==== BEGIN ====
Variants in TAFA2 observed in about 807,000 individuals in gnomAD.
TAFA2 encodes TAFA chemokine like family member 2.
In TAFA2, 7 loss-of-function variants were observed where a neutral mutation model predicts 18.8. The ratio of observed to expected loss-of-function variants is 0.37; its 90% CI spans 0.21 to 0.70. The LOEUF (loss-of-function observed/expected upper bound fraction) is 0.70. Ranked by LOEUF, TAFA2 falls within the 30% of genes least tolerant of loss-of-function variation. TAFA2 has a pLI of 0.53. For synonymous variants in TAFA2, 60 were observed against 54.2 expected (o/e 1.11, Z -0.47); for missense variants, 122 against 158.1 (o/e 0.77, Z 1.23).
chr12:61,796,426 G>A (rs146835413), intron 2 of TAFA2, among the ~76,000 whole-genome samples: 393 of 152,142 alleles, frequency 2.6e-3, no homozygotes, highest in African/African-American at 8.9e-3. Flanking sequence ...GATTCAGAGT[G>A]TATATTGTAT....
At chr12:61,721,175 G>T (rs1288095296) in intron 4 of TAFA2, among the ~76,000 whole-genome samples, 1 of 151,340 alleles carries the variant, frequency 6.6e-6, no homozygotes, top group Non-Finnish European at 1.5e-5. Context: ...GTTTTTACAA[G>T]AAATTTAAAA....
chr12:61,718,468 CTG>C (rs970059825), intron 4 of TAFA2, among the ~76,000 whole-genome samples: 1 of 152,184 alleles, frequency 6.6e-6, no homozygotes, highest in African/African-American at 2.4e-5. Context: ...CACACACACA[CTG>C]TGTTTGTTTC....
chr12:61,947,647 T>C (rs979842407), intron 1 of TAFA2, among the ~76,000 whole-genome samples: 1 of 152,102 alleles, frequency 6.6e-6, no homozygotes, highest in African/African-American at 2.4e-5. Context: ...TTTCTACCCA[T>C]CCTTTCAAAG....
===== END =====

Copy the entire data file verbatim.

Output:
Variants in TAFA2 observed in about 807,000 individuals in gnomAD.
TAFA2 encodes TAFA chemokine like family member 2.
In TAFA2, 7 loss-of-function variants were observed where a neutral mutation model predicts 18.8. The ratio of observed to expected loss-of-function variants is 0.37; its 90% CI spans 0.21 to 0.70. The LOEUF (loss-of-function observed/expected upper bound fraction) is 0.70. Ranked by LOEUF, TAFA2 falls within the 30% of genes least tolerant of loss-of-function variation. TAFA2 has a pLI of 0.53. For synonymous variants in TAFA2, 60 were observed against 54.2 expected (o/e 1.11, Z -0.47); for missense variants, 122 against 158.1 (o/e 0.77, Z 1.23).
chr12:61,796,426 G>A (rs146835413), intron 2 of TAFA2, among the ~76,000 whole-genome samples: 393 of 152,142 alleles, frequency 2.6e-3, no homozygotes, highest in African/African-American at 8.9e-3. Flanking sequence ...GATTCAGAGT[G>A]TATATTGTAT....
At chr12:61,721,175 G>T (rs1288095296) in intron 4 of TAFA2, among the ~76,000 whole-genome samples, 1 of 151,340 alleles carries the variant, frequency 6.6e-6, no homozygotes, top group Non-Finnish European at 1.5e-5. Context: ...GTTTTTACAA[G>T]AAATTTAAAA....
chr12:61,718,468 CTG>C (rs970059825), intron 4 of TAFA2, among the ~76,000 whole-genome samples: 1 of 152,184 alleles, frequency 6.6e-6, no homozygotes, highest in African/African-American at 2.4e-5. Context: ...CACACACACA[CTG>C]TGTTTGTTTC....
chr12:61,947,647 T>C (rs979842407), intron 1 of TAFA2, among the ~76,000 whole-genome samples: 1 of 152,102 alleles, frequency 6.6e-6, no homozygotes, highest in African/African-American at 2.4e-5. Context: ...TTTCTACCCA[T>C]CCTTTCAAAG....